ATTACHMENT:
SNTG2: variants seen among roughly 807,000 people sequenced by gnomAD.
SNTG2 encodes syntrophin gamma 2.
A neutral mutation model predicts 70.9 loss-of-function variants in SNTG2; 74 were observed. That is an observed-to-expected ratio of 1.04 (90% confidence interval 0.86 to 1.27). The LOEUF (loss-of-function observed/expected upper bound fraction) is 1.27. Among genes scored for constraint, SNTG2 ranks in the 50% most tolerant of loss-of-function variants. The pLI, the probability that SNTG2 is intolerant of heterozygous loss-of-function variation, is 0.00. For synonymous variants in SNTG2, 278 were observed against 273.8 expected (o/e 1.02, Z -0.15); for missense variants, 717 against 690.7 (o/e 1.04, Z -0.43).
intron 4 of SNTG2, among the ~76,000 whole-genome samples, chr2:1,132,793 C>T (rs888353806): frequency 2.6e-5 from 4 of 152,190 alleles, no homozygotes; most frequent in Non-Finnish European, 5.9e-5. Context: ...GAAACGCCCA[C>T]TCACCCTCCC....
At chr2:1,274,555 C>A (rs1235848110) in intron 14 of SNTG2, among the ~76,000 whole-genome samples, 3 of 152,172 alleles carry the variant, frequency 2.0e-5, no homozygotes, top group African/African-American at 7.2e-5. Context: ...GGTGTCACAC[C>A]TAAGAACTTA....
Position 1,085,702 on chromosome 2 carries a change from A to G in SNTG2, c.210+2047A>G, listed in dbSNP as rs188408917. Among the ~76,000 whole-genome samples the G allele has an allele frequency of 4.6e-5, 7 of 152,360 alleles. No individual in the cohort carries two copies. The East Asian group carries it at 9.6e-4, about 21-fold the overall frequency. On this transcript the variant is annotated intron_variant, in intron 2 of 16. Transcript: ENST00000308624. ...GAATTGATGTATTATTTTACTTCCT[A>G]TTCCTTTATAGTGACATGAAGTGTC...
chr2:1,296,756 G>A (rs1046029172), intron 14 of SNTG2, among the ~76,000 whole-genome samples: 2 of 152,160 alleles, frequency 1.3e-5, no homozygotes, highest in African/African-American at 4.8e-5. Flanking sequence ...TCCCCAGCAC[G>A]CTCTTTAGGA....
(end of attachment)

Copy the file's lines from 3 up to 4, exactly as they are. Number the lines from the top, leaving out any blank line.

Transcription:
A neutral mutation model predicts 70.9 loss-of-function variants in SNTG2; 74 were observed. That is an observed-to-expected ratio of 1.04 (90% confidence interval 0.86 to 1.27). The LOEUF (loss-of-function observed/expected upper bound fraction) is 1.27. Among genes scored for constraint, SNTG2 ranks in the 50% most tolerant of loss-of-function variants. The pLI, the probability that SNTG2 is intolerant of heterozygous loss-of-function variation, is 0.00. For synonymous variants in SNTG2, 278 were observed against 273.8 expected (o/e 1.02, Z -0.15); for missense variants, 717 against 690.7 (o/e 1.04, Z -0.43).
intron 4 of SNTG2, among the ~76,000 whole-genome samples, chr2:1,132,793 C>T (rs888353806): frequency 2.6e-5 from 4 of 152,190 alleles, no homozygotes; most frequent in Non-Finnish European, 5.9e-5. Context: ...GAAACGCCCA[C>T]TCACCCTCCC....